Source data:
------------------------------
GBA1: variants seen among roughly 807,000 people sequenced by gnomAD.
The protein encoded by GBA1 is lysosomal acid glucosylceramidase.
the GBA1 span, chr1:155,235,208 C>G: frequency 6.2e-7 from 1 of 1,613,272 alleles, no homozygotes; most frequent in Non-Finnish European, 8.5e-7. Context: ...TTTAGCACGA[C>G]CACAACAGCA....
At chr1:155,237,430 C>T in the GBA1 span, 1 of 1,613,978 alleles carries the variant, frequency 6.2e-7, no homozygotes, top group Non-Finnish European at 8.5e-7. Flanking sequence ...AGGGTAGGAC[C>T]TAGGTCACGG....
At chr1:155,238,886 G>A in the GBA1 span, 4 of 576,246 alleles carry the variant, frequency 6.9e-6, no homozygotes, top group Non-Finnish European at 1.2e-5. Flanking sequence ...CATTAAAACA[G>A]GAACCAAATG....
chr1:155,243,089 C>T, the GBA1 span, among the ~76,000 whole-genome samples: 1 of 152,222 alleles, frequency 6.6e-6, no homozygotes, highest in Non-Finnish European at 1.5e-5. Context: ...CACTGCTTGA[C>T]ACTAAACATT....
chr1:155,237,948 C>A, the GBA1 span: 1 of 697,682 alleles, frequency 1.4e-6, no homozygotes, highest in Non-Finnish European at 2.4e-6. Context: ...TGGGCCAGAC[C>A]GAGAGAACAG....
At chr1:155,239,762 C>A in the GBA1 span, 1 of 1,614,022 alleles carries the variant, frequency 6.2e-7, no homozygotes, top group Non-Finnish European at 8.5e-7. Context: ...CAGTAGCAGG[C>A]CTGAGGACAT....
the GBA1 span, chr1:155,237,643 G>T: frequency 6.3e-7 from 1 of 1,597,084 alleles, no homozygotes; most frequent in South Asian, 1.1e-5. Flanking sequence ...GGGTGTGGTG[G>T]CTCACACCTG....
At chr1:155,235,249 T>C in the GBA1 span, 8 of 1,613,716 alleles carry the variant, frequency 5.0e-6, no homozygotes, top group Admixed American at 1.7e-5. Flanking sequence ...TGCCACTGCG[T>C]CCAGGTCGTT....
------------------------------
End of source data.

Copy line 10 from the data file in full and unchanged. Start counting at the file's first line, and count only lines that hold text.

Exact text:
At chr1:155,235,249 T>C in the GBA1 span, 8 of 1,613,716 alleles carry the variant, frequency 5.0e-6, no homozygotes, top group Admixed American at 1.7e-5. Flanking sequence ...TGCCACTGCG[T>C]CCAGGTCGTT....